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Posts Tagged ‘psychology’

Martin Seligman, the inspiration behind the positive psychology movement, identified 3 thought styles that are intimately connected to how susceptible one is to depression.

These are personalization, permanence and pervasiveness.

I recently put together this little video clip about personalization.  Hope it’s helpful.

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I just got back from a conference.  The conference was pretty unremarkable.  The article in Southwest airline’s inflight magazine however, was first-rate.  Find the article here.

Camp Do It Yourself.  Here’s the idea.  Find a first-rate, energetic, spunky high school or college student.  Find a handful of kids your kids like.  Put sitter and kids together for a summer of low-key, creativity, informal sports, art theater and lots of relaxed create-your-own-fun.

As I was feeling the pressure to add this camp and that activity to the plate for our kids for this summer, I found this article so refreshing.    Let summer be summer.  A time to move at a slower pace.  A time to learn how to entertain oneself instead of to be entertained.  A time to lie in a hammock curled up with a book and nowhere to race off too.

Now that is a true summer gift for any child.  And for us adults too!

The article also got me thinking about how easy it is to assume that a professional is the best person when you need help for your kids.  Actually, often DIY therapy, tutoring etc also works great.  Here’s the basic idea.

Therapy/Tutoring Do It Yourself

1.  You, the parent find a professional to coach you and your wonderful high school or college student “coach” about how to work with your kid.  Schedule a first meeting with the three of you to create a plan for what your “coach” will do with your child.

2.  You watch out of the corner of your eye while your kid and “coach” work together.  Take notes to review with your professional.

3.  You and the “coach” follow-up with the professional.

4.  Repeat as many times as need :)!

You save money.  Your child gets more services from someone who is likely to be more on their level and way more fun.  Your “coach” gets a fabulous learning experience.  Everyone wins.

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Ok, this one might seem like a stretch – – –  hang in there with me.

My husband forwarded me this article about teaching math — http://opinionator.blogs.nytimes.com/2011/04/18/a-better-way-to-teach-math/.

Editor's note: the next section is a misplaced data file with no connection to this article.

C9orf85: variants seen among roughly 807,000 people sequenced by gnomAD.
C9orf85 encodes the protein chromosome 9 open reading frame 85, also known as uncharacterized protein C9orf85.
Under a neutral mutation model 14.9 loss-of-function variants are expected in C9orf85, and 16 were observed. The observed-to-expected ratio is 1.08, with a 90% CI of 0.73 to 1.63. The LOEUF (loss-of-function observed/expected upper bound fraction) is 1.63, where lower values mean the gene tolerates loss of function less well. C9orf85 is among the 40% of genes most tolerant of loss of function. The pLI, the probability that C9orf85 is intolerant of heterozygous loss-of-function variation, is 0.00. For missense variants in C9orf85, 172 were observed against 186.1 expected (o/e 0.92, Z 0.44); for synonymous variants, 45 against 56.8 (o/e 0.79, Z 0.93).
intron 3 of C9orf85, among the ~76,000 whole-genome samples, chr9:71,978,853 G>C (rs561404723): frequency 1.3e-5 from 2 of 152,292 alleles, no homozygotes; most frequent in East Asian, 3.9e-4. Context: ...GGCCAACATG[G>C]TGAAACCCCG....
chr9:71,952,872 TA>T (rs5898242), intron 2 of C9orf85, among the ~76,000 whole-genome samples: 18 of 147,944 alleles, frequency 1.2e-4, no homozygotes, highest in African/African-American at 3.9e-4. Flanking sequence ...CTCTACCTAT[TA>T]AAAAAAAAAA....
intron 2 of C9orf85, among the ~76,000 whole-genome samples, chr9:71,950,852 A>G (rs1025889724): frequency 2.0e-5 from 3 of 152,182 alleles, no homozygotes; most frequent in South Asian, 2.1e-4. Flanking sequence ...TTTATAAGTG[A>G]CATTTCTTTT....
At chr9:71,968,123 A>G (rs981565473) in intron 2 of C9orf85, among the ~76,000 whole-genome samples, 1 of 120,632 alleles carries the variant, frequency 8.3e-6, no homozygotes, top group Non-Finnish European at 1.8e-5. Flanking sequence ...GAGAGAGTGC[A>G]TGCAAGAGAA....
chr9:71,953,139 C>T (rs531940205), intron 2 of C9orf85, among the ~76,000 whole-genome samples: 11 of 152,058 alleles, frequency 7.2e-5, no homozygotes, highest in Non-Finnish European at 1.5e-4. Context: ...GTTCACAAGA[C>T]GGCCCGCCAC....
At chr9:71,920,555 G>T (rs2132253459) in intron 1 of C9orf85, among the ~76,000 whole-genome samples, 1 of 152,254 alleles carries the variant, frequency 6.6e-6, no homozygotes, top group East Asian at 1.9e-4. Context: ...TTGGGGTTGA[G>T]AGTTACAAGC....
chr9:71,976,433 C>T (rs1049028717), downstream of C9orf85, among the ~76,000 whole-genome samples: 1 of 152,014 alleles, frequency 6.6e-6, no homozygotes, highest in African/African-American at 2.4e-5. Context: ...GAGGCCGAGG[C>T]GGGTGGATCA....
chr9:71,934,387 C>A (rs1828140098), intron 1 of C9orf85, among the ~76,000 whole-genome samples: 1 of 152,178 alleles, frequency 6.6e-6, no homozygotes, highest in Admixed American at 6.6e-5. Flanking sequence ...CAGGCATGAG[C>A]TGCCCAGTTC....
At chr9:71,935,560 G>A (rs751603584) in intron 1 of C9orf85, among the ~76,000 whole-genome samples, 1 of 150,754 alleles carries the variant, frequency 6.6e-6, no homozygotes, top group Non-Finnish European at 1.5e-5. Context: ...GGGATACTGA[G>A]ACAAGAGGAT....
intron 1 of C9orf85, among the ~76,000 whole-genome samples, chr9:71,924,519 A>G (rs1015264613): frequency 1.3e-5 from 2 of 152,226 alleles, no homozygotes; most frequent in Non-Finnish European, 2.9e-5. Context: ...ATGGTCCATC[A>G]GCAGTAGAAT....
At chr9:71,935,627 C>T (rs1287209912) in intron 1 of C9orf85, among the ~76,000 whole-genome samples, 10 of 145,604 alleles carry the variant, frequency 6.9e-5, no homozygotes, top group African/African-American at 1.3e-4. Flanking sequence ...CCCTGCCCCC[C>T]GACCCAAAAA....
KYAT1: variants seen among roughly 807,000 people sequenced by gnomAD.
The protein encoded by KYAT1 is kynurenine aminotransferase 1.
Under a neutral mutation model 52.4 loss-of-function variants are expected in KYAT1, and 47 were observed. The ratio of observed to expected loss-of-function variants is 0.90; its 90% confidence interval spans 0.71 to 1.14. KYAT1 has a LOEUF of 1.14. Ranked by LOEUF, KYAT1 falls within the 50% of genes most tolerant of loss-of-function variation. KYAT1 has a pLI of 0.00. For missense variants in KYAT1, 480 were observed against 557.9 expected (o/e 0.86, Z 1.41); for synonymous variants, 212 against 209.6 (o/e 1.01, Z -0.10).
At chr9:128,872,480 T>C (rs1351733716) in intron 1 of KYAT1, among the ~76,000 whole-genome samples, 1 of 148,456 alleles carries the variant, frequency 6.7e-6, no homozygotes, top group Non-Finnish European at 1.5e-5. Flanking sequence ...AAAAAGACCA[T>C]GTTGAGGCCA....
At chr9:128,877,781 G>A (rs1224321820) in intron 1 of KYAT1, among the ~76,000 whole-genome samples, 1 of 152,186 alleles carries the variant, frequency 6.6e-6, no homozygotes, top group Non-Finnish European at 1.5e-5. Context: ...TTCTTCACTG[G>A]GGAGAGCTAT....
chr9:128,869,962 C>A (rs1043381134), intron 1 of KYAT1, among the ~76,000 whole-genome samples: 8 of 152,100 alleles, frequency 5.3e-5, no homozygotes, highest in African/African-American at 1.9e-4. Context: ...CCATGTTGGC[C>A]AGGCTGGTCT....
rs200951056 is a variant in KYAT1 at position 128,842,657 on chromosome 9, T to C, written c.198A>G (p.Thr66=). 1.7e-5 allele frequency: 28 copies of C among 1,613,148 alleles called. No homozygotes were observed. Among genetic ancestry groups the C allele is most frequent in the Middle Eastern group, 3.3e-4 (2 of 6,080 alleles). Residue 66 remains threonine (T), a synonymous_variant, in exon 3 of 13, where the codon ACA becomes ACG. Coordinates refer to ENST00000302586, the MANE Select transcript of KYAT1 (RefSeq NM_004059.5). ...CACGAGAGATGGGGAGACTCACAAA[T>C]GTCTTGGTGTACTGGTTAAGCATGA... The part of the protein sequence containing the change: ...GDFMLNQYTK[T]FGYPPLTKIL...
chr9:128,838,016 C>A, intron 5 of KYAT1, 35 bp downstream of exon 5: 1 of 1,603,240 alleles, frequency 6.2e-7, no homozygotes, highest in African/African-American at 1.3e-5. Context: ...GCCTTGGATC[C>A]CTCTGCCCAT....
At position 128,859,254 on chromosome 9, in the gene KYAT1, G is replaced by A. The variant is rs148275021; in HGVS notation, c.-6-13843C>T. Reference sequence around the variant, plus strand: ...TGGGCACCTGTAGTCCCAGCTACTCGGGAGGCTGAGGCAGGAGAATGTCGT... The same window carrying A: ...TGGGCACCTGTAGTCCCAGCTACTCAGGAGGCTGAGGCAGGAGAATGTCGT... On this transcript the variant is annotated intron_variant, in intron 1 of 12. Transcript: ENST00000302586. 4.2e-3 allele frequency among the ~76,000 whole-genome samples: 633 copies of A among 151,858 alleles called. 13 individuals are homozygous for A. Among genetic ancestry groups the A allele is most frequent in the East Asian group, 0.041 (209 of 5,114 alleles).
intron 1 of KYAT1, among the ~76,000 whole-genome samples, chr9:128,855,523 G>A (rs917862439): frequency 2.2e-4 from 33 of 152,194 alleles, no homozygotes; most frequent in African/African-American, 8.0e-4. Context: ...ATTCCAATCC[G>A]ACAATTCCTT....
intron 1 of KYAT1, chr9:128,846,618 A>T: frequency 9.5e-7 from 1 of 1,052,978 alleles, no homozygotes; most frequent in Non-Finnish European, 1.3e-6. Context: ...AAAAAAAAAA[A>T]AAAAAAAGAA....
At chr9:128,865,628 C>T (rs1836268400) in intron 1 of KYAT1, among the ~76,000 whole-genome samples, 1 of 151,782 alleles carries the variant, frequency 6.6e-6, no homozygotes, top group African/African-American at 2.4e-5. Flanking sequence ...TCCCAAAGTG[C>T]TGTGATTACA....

As a former math teacher I found it interesting. As Power of Two Head Coach I found it fascinating!

Here’s my take on math and marriage.

  1. Both are based on solid skills knowledge.
  2. Both take lots of practice to make those skills come naturally.
  3. Most folks have great intuition about how to do both. It’s when there’s any pressure or challenge to the situation that this basic good sense gets totally chucked.
  4. Nearly everyone can learn to be first rate at both with some bite-sized, incremental learning.

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When I used to teach middle school, springtime may have meant flower blooming and sun shining.  And, it also brought the terror of parent-teacher conferences.  I’m not sure how I escaped graduate school without even one word of advice on how to keep discussions with parents running smoothly.  Likewise, these tips can help to build smoother consultations with parents about their children’s treatment.

Here are a few tips I wish someone had shared with me!

Have a plan– Share the plan. It helps to have a plan of how you want to use your time together, to share that plan at the beginning of the conference and to use a clock to  help you stick to that plan.  “Hi Mr. and Mrs. Adams.  It’s such a pleasure to meet with you today.  We have a 15 minute conference slot scheduled.  What I’d like to do is take about half that time to hear from you how the year has gone, then I would like to look together at a few pieces of Amy’s work.  I’ll send you home with a sheet about what we’ve covered in class this year and a folder of other work she has done.”  Then use the clock to stick to this plan.  Tempting as it is to let timing be a bit lax, parents appreciate when conference start and stop on time.

Be a HOW/WHAT detective. I used to think that the most important part of a conference was to prove how much I knew about each child.  I thought a conference meant I needed to prove just how professional and on top of things I  was.